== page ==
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The Ultimate Guide to Success in Managed IT Services

What are the fundamentals to building a profitable managed IT services business? Keep reading to discover the four key ingredients for success.

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3 Ways to Sell Clients on the Benefits of Managed Services

Posted November 24, 2015by Dan Kobialka

The managed services space is growing, and many businesses are well aware of the offerings provided by managed services providers (MSPs).

For example, CompTIA's "Fourth Annual Trends in Managed Services Study," released earlier this year, revealed more than two-thirds of companies said they used the services of an outside IT firm within the past 12 months. The study also showed that slightly more than half of respondents said they were "very familiar" with the concept of managed services, while another 40 percent said they were somewhat familiar.

"While one-time projects account for some of these engagements, a significant portion is ongoing management of one or more IT functions by a managed services provider," CompTIA Senior Director of Industry Analysis Carolyn April said. "There is a much higher degree of familiarity with the term 'managed services' and greater adoption."

Many businesses want managed services, and as an MSP, it is important to educate your customers about the services you provide. In addition, a successful MSP must be able to explain how its services benefit a business - that way, a company can understand and optimize its return on investment (ROI) in an MSP's offerings.

So what does it take to educate your customers about the benefits of managed services? Here are three tips to help you explain how your services work and how they can help your clients:

1. Focus on the End Results

Businesses want results, and an MSP that shows its customers how it can help them achieve their goals can thrive in a highly competitive global marketplace. By doing so, an MSP can deliver a clear, effective message that highlights the benefits of its offerings. These benefits should emphasize the business value your IT services will bring.

Remember: benefits aren't features. Your clients care about user productivity, data security, minimal downtime and stable costs. Individual offerings like patch management, anti-spyware, anti-spam, backup, endpoint security, monitoring and cloud computing may bring about these desirable results, but focus the dialogue instead on revenue and profitability.  

2. Be Comfortable with Your Offerings

Understand your services. You shouldn't have any trouble explaining the benefits of them to your customers. An MSP should be comfortable with its offerings and prepared for any questions that may come its way. Plus, identifying business challenges that a customer may face can help an MSP tailor its educational materials (such as case studies, product sheets and white papers) to its target audience.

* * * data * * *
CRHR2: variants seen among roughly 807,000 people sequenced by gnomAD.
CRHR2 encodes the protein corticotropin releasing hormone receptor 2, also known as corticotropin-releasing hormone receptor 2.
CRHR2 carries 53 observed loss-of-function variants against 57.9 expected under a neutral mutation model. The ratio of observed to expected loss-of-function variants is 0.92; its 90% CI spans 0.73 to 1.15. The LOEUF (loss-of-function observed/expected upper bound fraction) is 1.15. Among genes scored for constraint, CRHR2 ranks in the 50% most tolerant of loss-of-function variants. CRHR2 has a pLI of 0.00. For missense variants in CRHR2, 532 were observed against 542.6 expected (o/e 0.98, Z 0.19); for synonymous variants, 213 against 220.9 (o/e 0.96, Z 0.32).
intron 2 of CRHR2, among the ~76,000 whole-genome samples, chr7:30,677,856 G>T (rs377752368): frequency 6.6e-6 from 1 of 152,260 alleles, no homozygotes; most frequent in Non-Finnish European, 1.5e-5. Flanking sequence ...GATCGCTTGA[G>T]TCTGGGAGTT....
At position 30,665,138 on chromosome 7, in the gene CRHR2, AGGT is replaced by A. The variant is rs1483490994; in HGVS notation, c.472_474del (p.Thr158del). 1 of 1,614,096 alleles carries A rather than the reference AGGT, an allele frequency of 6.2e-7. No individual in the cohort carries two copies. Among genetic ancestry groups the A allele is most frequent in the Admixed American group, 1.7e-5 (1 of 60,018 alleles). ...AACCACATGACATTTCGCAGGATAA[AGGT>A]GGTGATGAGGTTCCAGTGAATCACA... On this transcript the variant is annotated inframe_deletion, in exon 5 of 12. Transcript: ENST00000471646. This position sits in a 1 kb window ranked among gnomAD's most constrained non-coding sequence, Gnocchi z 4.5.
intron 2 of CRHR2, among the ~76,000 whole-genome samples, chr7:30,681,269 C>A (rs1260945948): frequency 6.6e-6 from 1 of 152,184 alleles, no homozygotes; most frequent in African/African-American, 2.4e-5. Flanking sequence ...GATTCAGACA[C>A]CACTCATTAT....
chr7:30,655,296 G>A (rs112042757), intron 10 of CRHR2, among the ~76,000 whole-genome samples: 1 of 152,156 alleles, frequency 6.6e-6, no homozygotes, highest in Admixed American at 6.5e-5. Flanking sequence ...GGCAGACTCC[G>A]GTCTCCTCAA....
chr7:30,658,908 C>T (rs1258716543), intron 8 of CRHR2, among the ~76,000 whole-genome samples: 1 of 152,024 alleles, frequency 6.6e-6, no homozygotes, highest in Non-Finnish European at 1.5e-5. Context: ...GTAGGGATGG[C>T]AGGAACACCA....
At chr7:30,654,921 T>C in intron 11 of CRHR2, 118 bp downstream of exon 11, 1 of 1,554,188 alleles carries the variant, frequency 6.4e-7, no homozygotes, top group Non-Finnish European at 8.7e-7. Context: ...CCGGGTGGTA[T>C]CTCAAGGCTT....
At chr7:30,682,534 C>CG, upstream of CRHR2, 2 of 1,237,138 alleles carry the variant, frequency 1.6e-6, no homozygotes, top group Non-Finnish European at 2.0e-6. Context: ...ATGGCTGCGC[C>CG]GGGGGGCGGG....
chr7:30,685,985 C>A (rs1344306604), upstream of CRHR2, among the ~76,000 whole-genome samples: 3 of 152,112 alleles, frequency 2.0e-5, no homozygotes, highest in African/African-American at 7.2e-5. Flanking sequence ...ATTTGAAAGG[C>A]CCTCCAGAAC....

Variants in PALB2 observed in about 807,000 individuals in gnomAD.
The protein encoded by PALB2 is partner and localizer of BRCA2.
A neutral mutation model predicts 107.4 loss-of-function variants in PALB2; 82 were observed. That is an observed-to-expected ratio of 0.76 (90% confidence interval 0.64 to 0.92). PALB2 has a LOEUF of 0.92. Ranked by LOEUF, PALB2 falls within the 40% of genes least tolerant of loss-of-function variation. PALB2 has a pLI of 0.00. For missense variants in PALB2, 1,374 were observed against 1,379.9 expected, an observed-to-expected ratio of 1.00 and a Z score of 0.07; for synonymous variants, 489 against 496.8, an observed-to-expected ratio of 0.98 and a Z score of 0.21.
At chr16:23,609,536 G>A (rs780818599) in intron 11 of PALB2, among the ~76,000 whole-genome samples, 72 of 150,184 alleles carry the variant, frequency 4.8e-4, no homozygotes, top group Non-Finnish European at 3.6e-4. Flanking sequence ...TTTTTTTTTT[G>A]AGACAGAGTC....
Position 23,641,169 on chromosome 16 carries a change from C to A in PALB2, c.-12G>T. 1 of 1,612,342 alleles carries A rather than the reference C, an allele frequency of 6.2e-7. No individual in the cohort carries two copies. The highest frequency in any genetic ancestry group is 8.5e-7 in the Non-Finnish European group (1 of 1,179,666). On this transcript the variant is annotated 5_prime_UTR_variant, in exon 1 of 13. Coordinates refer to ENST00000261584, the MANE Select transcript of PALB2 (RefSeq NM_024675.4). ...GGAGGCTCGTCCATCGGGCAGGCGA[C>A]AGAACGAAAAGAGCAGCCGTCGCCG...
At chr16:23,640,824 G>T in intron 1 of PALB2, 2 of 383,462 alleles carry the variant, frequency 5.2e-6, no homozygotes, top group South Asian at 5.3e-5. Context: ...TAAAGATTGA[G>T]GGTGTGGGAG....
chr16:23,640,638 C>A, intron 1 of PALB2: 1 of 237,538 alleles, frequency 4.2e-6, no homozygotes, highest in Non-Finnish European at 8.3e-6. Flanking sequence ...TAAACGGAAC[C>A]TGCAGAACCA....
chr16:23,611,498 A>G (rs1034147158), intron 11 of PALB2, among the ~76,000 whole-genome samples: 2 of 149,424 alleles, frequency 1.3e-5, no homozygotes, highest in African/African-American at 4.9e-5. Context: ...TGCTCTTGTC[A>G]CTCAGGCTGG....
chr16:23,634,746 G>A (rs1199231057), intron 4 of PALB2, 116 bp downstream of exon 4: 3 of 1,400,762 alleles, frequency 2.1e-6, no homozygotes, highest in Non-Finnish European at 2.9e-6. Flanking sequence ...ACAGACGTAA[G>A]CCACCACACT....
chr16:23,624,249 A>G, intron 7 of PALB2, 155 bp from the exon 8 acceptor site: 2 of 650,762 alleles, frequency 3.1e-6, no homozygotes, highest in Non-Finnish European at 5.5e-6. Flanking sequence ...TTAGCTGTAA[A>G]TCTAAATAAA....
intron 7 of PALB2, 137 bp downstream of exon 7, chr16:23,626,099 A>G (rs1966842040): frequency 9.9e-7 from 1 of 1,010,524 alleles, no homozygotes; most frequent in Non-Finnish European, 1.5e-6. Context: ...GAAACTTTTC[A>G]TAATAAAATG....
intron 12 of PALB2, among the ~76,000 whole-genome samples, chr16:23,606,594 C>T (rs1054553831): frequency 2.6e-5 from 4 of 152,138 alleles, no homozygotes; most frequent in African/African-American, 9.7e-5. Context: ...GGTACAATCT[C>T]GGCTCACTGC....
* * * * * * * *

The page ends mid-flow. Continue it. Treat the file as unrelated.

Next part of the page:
"MSPs must become supremely comfortable interacting with customers on a business level. This means knowing the business of your customers and being able to ask questions and listen to what causes them pain," MSPAlliance wrote in a blog post. "Once the pain point has been identified, a technical solution to it can be created."

3. Review Your Services Regularly

A good teacher recognizes the importance of reviewing his or her effectiveness. And much in the same way, a successful MSP must review its services regularly to ensure they meet the needs of its customers.

Continuum recommends conducting a "Quarterly Business Review" to assess how an MSP educates customers about its services. This review can include an examination of:

  • Common problems your customers have faced
  • How customers used your services
  • Customer feedback

Review your services, and you can better understand their effectiveness. And ultimately, you'll be able to determine the best possible way to educate your customers about your offerings and ensure they get the support they need. 

The preceding post was submitted by IBM, a Navigate 2015 Gold Sponsor.

The Definitive Guide to Managed IT Services [eBook]

Dan Kobialka is an editorial and multimedia extraordinaire who understands the technology space better than most. In the past, he has produced content for numerous cloud service and managed services publications, including MSPmentor and Talkin' Cloud. He also has produced content for several print and online publications, such as the Boston Business Journal, Boston Herald and Dan holds a M.A. in Print and Multimedia Journalism from Emerson College and a B.A. in English from Bridgewater State College (now Bridgewater State University). In his free time, Dan enjoys jogging, traveling, playing sports, touring breweries and watching football (Go Patriots!). And if you see Dan at an event, don't be surprised if he wants to pose with you for a selfie.

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